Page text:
The firing-squad parapet in Barcelona 1939-1952
On 26 January 1939, after three years at war in defence of the Second Republic and the Catalan institutions, the city of Barcelona was overrun by troops under General Francisco Franco and his allies from Nazi Germany and Fascist Italy.
Set against a background of systematic, unmitigated repression, the executions by firing squad began on 10 February against the parapet in El Camp de la Bota, a concrete wall similar to a breakwater located just next to the sandy beach. Nowadays, the parapet is submerged beneath the water in the sports marina and the yachts that you can just make out from here.
According to documents taken from summary court-martials, 1,706 people were executed in Barcelona between 1939 and 1952, mostly on this spot in El Camp de la Bota, but also at Montjuïc Castle and in Model Prison. In the latter case, the executions were carried out by garrote, a method of killing by strangulation.
The executions were of men and women who had taken part in unions or social movements, in work, sport, healthcare and cultural cooperatives, in organising and improving public education based on co-education, laicism and the use of Catalan as a vehicular language, in the armed defence of the Republic and the revolution, and in running or managing city councils or the Republican Administration. The last executions carried out at El Camp de la Bota were in 1952, at a time when the Spanish State needed to improve its international image. This operation began with the Eucharistic Congress held that same year and continued with UNESCO’s recognition of the Francoist regime at the end of it. At the same time, all means of repression of freedoms, including murders and executions, continued to occur throughout the dictatorship, with the last state killing taking place on 27 September 1975.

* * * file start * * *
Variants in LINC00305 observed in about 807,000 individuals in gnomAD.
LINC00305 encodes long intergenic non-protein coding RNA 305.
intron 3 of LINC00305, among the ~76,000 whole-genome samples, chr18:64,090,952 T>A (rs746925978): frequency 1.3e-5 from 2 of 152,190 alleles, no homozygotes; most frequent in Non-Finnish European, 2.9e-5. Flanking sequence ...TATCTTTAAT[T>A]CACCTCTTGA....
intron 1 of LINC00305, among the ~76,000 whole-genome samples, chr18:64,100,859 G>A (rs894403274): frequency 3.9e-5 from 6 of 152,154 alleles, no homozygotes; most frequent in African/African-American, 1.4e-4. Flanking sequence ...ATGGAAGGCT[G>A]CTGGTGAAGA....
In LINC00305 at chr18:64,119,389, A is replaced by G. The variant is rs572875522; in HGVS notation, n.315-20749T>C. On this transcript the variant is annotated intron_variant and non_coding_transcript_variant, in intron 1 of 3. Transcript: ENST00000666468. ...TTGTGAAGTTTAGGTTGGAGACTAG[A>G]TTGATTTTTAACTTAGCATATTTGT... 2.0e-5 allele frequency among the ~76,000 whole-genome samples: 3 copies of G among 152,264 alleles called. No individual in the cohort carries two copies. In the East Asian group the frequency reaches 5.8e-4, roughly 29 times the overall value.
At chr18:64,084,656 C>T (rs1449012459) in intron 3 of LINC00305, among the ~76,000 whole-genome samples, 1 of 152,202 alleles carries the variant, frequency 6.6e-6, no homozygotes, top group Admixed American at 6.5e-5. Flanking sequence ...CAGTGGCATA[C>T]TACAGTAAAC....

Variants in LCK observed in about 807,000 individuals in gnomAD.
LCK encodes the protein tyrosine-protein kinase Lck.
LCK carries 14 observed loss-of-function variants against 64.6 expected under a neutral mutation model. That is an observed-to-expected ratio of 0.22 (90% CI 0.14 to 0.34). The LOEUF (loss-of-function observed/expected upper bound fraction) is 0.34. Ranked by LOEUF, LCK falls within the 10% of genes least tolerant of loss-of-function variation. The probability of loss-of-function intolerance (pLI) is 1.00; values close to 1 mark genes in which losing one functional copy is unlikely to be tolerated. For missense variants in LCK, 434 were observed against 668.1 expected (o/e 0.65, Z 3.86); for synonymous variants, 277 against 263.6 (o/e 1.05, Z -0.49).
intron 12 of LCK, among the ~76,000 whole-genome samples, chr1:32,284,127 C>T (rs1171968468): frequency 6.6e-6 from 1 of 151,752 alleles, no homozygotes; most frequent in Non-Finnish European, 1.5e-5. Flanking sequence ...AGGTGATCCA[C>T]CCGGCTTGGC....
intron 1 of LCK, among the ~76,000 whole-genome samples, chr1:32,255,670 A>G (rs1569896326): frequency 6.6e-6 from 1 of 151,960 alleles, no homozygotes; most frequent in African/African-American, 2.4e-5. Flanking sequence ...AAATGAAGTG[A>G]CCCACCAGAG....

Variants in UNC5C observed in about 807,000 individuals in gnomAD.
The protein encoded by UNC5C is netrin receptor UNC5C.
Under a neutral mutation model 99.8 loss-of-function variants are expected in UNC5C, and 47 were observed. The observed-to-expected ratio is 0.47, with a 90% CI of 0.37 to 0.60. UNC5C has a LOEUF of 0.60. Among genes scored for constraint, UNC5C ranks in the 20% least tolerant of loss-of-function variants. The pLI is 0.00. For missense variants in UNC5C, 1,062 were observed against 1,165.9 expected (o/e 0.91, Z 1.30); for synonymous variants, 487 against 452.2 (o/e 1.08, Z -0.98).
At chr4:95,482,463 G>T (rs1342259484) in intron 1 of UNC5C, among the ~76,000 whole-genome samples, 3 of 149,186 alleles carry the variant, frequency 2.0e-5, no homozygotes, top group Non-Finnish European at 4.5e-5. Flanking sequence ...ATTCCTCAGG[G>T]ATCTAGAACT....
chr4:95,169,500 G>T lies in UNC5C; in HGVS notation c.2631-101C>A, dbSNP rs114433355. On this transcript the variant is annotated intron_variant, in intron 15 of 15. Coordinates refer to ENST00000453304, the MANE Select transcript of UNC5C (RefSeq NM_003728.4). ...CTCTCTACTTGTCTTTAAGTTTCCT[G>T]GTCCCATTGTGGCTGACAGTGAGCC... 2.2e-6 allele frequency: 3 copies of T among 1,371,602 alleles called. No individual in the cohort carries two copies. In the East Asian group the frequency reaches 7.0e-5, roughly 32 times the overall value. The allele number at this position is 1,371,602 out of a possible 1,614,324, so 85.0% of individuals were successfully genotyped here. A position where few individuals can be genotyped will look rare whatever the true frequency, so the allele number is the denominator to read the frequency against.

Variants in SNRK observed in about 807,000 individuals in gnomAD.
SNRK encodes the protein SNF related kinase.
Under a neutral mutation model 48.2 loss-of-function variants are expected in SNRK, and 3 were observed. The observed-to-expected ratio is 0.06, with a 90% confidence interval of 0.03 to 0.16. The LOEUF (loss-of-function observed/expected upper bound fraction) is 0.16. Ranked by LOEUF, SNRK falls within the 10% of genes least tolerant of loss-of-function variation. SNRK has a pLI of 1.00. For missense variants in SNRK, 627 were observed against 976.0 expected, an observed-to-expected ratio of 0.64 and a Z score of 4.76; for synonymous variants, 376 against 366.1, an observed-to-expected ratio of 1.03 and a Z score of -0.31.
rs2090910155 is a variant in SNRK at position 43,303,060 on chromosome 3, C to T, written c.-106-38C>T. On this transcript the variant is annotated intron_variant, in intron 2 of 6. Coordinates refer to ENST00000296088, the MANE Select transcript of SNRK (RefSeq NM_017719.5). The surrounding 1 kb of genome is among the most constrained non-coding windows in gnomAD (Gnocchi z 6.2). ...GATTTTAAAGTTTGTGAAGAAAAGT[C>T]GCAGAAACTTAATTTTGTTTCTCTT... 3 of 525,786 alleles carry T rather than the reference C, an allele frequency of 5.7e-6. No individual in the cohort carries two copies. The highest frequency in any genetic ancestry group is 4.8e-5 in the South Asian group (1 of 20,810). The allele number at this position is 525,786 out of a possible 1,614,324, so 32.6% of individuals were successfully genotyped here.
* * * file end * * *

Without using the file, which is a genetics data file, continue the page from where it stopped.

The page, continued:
To commemorate the 80th anniversary of the start of these unjust executions, in 2019 Barcelona City Council erected this memorial site, which bears the names of all those executed in the city, in homage to their lifetime of work for equality. A memorial to their actions is an integral part of Barcelona and the country’s democratic memory. We want peace but not indifference.